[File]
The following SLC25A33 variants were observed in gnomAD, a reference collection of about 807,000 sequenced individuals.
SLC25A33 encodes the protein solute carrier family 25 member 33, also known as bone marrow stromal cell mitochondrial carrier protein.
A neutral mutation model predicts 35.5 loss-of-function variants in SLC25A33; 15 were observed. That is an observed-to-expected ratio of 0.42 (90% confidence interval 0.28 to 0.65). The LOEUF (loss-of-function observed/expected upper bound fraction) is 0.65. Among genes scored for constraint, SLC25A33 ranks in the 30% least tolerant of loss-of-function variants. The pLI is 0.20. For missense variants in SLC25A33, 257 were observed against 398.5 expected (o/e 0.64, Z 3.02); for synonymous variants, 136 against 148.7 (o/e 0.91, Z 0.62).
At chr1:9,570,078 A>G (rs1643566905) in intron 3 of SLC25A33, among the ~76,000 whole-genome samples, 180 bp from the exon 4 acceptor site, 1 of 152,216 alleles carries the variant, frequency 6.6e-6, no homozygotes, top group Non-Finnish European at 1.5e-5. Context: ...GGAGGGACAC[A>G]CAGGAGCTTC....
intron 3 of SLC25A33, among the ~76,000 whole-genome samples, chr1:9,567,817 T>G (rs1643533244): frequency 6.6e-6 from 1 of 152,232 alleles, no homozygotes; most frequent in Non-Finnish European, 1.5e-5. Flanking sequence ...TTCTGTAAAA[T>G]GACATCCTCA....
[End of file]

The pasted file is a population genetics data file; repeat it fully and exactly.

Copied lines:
The following SLC25A33 variants were observed in gnomAD, a reference collection of about 807,000 sequenced individuals.
SLC25A33 encodes the protein solute carrier family 25 member 33, also known as bone marrow stromal cell mitochondrial carrier protein.
A neutral mutation model predicts 35.5 loss-of-function variants in SLC25A33; 15 were observed. That is an observed-to-expected ratio of 0.42 (90% confidence interval 0.28 to 0.65). The LOEUF (loss-of-function observed/expected upper bound fraction) is 0.65. Among genes scored for constraint, SLC25A33 ranks in the 30% least tolerant of loss-of-function variants. The pLI is 0.20. For missense variants in SLC25A33, 257 were observed against 398.5 expected (o/e 0.64, Z 3.02); for synonymous variants, 136 against 148.7 (o/e 0.91, Z 0.62).
At chr1:9,570,078 A>G (rs1643566905) in intron 3 of SLC25A33, among the ~76,000 whole-genome samples, 180 bp from the exon 4 acceptor site, 1 of 152,216 alleles carries the variant, frequency 6.6e-6, no homozygotes, top group Non-Finnish European at 1.5e-5. Context: ...GGAGGGACAC[A>G]CAGGAGCTTC....
intron 3 of SLC25A33, among the ~76,000 whole-genome samples, chr1:9,567,817 T>G (rs1643533244): frequency 6.6e-6 from 1 of 152,232 alleles, no homozygotes; most frequent in Non-Finnish European, 1.5e-5. Flanking sequence ...TTCTGTAAAA[T>G]GACATCCTCA....